Thornton has three themes: the role of values in diagnosis and treatment, the limits of understanding and the scientific underpinnings of psychiatry. He approaches all from the perspective of his non-naturalism (he calls it a relaxed naturalism, and he has some grounds for this terminological innovation, but in the reigning nomenclature it is a non-naturalism). He is opposed to views that attempt to take a bottom-up approach to meaning and to value; that is, which attempt to show that meaning and value are constructed out of elements that are not themselves meaningful or valuable. On his account, meaning and value are irreducible to naturalistic components; instead, they are independently components of the universe.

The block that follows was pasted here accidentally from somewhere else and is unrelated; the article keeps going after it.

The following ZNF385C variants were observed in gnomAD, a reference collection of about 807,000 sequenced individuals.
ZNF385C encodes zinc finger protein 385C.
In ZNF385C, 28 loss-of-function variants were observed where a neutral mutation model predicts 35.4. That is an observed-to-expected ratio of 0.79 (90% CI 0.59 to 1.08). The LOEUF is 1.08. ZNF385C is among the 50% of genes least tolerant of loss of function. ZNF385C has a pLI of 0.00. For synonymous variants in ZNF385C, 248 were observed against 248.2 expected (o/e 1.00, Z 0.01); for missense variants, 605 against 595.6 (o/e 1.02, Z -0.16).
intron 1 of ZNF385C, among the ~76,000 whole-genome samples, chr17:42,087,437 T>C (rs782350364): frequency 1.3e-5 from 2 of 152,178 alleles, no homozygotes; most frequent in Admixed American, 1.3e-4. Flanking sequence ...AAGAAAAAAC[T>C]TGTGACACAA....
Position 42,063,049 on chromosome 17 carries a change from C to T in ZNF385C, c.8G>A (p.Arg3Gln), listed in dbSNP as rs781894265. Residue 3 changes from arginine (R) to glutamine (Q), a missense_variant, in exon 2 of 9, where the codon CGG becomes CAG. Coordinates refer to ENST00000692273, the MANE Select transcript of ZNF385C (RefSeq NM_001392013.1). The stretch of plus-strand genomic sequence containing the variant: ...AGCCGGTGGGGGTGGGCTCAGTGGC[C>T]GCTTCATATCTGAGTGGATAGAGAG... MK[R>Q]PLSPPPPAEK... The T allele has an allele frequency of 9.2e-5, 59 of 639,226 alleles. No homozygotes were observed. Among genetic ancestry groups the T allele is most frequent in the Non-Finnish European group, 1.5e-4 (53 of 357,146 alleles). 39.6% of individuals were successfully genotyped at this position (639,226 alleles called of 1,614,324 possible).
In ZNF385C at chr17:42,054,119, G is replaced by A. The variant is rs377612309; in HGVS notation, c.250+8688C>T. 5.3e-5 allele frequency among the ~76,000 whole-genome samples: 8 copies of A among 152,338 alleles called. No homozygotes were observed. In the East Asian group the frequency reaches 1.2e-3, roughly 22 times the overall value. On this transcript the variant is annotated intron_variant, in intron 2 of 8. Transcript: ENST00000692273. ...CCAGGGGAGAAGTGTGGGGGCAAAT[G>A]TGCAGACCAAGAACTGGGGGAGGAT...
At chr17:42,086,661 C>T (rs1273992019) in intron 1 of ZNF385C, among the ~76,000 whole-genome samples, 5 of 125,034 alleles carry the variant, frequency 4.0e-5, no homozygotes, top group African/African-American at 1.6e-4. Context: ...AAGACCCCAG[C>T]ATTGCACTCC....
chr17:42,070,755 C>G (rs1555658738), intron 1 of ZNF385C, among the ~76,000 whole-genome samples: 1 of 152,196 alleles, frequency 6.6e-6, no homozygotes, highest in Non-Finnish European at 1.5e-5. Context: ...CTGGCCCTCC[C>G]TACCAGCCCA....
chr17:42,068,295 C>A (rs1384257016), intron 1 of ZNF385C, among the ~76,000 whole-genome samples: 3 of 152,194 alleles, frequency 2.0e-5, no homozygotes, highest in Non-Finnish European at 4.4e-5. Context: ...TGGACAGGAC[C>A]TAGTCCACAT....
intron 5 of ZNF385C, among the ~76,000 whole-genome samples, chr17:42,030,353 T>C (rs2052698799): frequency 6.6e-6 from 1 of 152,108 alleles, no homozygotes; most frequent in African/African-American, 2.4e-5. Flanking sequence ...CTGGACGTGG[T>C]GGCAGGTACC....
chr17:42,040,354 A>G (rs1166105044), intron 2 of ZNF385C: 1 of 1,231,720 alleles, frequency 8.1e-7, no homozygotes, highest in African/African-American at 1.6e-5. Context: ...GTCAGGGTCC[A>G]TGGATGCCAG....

Read the rest of this review.

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The Normal Personality: A New Way of Thinking About People

by Steven Reiss
Cambridge University Press, 2008
Review by Gustav Jahoda, Ph.D.
The main argument of this book is that psychologists should stop looking for unconscious factors supposedly underlying behavior (in the manner of Freud) and confine themselves to the study of individual values. For this purpose the author has developed the 'Reiss Motivation Profile' (RMP), which was administered to large samples in several industrialized countries. On this basis he postulates a universal set of sixteen motives (or 'desires', or 'basic needs'),varying in intensity across individuals, that can be 'scientifically' measured.